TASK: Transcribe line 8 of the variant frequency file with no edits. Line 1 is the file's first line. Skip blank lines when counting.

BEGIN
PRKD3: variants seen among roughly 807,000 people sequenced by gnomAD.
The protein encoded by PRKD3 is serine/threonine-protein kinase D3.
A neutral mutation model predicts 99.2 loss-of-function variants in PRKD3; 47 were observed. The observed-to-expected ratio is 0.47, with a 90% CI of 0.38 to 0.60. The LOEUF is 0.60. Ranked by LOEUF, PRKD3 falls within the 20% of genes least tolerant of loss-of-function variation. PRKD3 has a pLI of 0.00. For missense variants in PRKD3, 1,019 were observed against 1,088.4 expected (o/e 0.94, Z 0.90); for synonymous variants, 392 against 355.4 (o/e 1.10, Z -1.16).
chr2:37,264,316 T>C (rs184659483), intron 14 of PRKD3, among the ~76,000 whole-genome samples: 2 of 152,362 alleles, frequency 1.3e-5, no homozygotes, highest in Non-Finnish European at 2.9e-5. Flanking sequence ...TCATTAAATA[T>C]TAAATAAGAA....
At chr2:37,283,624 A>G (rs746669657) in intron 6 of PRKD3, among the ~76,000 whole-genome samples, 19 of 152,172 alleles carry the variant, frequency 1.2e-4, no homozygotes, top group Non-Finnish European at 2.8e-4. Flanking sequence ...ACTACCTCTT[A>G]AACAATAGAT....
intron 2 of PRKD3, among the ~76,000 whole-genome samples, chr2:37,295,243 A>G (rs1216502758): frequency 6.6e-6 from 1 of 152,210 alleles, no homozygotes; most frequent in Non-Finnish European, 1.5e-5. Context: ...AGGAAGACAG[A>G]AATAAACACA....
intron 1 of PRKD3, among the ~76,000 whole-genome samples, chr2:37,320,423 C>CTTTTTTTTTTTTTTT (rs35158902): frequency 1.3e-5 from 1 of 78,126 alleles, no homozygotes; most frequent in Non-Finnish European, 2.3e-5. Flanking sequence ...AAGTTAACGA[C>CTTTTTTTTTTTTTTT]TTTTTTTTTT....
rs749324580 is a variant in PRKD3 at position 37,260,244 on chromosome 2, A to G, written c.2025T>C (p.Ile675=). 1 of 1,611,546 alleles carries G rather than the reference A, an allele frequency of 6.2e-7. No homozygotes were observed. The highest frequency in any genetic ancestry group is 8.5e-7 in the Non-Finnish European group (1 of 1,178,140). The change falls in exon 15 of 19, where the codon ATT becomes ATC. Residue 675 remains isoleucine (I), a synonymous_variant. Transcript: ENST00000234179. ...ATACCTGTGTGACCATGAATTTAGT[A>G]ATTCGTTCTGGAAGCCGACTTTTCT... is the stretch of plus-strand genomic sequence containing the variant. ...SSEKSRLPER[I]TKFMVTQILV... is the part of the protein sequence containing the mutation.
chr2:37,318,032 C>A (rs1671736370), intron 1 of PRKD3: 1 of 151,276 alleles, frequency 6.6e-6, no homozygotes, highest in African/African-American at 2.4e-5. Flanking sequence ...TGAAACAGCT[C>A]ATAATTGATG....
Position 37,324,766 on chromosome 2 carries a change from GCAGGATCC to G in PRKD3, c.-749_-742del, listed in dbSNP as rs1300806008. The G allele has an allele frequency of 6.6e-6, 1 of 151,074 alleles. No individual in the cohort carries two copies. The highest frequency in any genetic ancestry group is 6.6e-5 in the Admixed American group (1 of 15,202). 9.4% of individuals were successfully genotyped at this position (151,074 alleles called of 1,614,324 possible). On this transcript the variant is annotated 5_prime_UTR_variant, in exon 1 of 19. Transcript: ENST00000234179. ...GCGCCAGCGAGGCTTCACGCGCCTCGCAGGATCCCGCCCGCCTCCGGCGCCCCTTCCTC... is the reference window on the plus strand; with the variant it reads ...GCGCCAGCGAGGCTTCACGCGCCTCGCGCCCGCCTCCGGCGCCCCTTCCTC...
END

rs749324580 is a variant in PRKD3 at position 37,260,244 on chromosome 2, A to G, written c.2025T>C (p.Ile675=). 1 of 1,611,546 alleles carries G rather than the reference A, an allele frequency of 6.2e-7. No homozygotes were observed. The highest frequency in any genetic ancestry group is 8.5e-7 in the Non-Finnish European group (1 of 1,178,140). The change falls in exon 15 of 19, where the codon ATT becomes ATC. Residue 675 remains isoleucine (I), a synonymous_variant. Transcript: ENST00000234179. ...ATACCTGTGTGACCATGAATTTAGT[A>G]ATTCGTTCTGGAAGCCGACTTTTCT... is the stretch of plus-strand genomic sequence containing the variant. ...SSEKSRLPER[I]TKFMVTQILV... is the part of the protein sequence containing the mutation.